I post frequently in burbuja.info/inmobiliaria/burbuja-inmobiliaria/ a site dedicated to the housing bubble in Spain. Unfortunately, we shared in common the developments of hugh housing bubbles. For this reason I am looking here for your views on this topic.
Just to share information with you, I will post here regularly the evolution of house prices in Spain as indicated by IMIE (which is probably the best indicator in Spain (used by the IMF). tinsa.com/213-fichas-mensuales.html. It is a monthly indicator released with about fifteen days delay.
This is how it looks the index referring prices in main cities in Spain:
The average price (not median) has fallen from 2.433 €/m2 in september 2006 to 1.985€/m2 in july 2010. Banks have avoided deeper falls by keeping in their balances enormous stocks of new houses from defaulting builders, and also by “extend&pretend” with foreclosures being delayed indefinitely.
The end of tax breaks in 2010 and new policies from the Banco de España trying to force banks to clear stocks will result in a deeper price fall coming soon.
Hi Marai and welcome. Do you have a graph with a longer timeframe than 2005? In Ireland, the bubble was well started by that date and peaked at the end of 2006. The years 1997-2005 were quite bubbly too!
Thanks. This series started in 2001 and I can graph it (will do). As in Ireland, prices have been climbing since about 1996. In january 2001 the average of this particular series was 924€/m2, half the average price in July 2010.
The government announced that tax breaks (approved many years ago) for people with incomes above 24.000€ would expire in december 2010. It was supposed that it would spur sales before expiration but so far the effect is almost not noticeable.
BdE is worried about zombi banks accumulating thousands of new homes trying to avoid writedowns in their balances. BdE bank has stepped to increase reserve requirements for homes held by banks (also by the end of 2010). The effect is that banks/cajas are offering more aggresive discounts.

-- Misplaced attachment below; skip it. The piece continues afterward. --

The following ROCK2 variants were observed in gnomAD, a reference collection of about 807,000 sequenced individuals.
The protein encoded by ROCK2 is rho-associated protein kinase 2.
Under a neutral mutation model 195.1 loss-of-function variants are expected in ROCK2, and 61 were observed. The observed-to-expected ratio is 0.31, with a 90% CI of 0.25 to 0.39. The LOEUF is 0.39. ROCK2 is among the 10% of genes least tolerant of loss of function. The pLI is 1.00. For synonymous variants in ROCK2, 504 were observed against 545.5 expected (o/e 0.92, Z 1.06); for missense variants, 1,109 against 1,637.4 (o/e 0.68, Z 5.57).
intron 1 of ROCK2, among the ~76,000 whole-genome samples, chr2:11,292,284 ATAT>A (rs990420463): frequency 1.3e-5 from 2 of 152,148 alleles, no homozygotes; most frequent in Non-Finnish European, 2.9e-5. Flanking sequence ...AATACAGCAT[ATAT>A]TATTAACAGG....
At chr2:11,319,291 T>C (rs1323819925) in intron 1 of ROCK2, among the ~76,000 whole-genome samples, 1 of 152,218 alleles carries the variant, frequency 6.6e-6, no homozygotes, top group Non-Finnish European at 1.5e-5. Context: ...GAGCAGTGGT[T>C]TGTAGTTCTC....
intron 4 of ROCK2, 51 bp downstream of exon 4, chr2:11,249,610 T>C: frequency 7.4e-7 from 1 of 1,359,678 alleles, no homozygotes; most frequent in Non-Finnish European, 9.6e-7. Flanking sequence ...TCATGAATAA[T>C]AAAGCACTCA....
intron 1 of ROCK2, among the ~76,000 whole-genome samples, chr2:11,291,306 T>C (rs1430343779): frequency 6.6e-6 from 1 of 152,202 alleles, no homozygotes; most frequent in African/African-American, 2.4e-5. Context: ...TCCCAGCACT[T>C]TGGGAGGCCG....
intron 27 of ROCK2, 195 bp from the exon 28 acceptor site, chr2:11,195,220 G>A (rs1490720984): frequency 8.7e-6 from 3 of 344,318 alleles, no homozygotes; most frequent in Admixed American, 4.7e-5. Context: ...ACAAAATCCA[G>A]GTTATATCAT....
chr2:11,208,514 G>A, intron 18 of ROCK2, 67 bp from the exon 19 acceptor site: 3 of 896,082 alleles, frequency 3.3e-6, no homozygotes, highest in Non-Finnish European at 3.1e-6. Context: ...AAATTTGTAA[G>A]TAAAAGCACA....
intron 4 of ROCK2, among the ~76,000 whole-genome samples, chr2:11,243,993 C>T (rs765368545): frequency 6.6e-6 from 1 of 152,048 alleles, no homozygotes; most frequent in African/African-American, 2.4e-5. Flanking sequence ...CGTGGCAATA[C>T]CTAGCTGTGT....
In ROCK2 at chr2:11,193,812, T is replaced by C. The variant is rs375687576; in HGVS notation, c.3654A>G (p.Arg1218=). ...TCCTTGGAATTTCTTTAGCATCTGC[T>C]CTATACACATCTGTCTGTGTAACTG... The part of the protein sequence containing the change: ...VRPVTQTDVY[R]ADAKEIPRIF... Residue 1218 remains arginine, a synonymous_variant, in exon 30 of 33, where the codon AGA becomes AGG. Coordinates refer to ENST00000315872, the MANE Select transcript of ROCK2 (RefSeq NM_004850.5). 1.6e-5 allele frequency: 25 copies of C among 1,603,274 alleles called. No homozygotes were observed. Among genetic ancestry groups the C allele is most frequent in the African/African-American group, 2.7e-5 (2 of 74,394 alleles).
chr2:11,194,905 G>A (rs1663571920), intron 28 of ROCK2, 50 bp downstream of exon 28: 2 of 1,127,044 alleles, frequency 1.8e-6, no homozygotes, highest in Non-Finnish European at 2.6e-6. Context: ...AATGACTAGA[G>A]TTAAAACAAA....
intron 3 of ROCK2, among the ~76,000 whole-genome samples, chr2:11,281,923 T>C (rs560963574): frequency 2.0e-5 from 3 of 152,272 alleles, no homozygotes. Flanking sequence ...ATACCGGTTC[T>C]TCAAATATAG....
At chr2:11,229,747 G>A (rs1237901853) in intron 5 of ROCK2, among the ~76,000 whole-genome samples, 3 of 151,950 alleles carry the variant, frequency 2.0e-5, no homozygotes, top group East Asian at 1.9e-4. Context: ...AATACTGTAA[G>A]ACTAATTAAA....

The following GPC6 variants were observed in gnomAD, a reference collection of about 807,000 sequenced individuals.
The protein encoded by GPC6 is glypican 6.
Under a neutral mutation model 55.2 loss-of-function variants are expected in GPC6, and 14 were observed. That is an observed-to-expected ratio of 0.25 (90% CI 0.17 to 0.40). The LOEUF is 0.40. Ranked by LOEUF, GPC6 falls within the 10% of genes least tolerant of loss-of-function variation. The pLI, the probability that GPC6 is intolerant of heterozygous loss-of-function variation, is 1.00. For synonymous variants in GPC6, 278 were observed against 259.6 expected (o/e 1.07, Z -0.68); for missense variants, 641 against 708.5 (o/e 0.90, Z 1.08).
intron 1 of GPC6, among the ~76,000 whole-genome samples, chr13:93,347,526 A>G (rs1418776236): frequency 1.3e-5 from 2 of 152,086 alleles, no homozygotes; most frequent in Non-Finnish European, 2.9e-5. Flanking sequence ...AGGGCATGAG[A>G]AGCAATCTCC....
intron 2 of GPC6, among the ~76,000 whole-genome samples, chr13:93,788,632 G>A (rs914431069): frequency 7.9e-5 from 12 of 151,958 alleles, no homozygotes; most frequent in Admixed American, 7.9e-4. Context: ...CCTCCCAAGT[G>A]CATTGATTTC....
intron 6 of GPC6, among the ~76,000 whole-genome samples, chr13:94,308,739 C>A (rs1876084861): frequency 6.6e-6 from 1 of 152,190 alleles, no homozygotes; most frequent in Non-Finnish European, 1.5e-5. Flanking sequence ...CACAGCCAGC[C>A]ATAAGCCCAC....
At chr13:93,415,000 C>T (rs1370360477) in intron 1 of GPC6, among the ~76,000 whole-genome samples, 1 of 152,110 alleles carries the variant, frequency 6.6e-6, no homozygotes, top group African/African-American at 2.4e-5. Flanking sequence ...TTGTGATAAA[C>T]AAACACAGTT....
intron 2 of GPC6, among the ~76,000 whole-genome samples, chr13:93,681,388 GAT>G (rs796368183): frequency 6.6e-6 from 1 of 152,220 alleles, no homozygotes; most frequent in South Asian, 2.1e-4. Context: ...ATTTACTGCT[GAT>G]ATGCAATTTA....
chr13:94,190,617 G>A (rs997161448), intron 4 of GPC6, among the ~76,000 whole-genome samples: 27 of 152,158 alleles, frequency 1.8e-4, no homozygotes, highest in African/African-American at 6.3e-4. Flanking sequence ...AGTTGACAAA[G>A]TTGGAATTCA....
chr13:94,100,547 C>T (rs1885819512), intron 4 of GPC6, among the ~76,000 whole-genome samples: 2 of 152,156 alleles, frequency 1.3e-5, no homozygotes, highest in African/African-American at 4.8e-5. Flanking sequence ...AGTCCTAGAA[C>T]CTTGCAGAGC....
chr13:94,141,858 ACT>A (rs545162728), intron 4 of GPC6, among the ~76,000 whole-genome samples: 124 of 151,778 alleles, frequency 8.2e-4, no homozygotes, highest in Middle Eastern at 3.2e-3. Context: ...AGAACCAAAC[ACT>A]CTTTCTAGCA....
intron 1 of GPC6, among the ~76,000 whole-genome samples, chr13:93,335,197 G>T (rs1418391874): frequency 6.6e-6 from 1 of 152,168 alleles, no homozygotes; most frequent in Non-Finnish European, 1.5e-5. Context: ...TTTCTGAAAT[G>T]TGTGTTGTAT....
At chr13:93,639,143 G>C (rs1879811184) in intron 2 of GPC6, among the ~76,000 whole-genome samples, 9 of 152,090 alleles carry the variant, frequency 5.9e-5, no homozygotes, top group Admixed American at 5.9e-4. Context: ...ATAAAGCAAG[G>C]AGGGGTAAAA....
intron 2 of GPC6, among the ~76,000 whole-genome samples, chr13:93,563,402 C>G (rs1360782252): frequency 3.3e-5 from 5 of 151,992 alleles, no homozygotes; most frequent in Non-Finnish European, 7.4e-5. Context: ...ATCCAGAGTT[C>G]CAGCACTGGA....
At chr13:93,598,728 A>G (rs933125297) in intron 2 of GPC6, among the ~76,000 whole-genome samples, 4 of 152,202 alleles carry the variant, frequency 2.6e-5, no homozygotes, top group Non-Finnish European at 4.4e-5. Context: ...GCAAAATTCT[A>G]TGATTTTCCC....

Cajas are mostly weighed towards residential properties, although commercial properties may also be important (BdE data does not allow to distinguish). For many cajas, total mortgages (comm. and res.) account to about 70% of assets. So they are really exposed to a housing meltdown.
The market in Spain is down materially more than 18%, more like 30-35% from the peak
Most indices are based off asking prices and even the official data from the Spanish Ministry of Housing suggests a fall of only 12% or so.
The reason all the indices are kept artificially high is to allow banks carry foreclosed property at artificially high prices on their books.
Its a well known fact in Spain, that if a property is advertised for X, you offer 25-35% below that and your offer will be accepted within a few minutes
The well known thing about home price indexes is that they are lagging indicators when they are based on current transactions because they were signed weeks or months (even years) before. Also, average prices don’t say anything about changes in the sales mix, and specially in a period of low sales there may be very relevant changes affecting the composition of sales. This is not like the CASE-SHILLER index for US home prices which is based on same home sales…
Is safe to say that prices fell more that 18% from peak according to this index. Just it. One just have to know that there are flaws on it and I don’t consider it as a guide for home buyers. The index only says when, aproximately, prices began to fall and what is the recent trend.
Advertised prices is nothing that can be used to estimate trends at all. Let me tell you that the problem is that very few make offers, and many of those few cannot get a mortgage. And this is one of the reasons that make home prices look sticky.
Don’t know if this is any use in getting a handle on property price falls in Spain in general but here goes:
We bought a townhouse in a white village in inland Andalucia in 2005. We’ve just sold it and got the exact same price that we paid for it in 2005.
We had the property valued in late 2006/early 2007 (peak of the Spanish bubble, I think) by a very experienced local (British) estate agent, who by all accounts was far more realistic in her valuations than the fantasy values dreamt up by the local banks and cajas.
I can confirm price/value of our property has fallen exactly 40% from peak. We were very lucky to sell and get most of our equity back as prices continuing to fall off a cliff in inland Andalucia.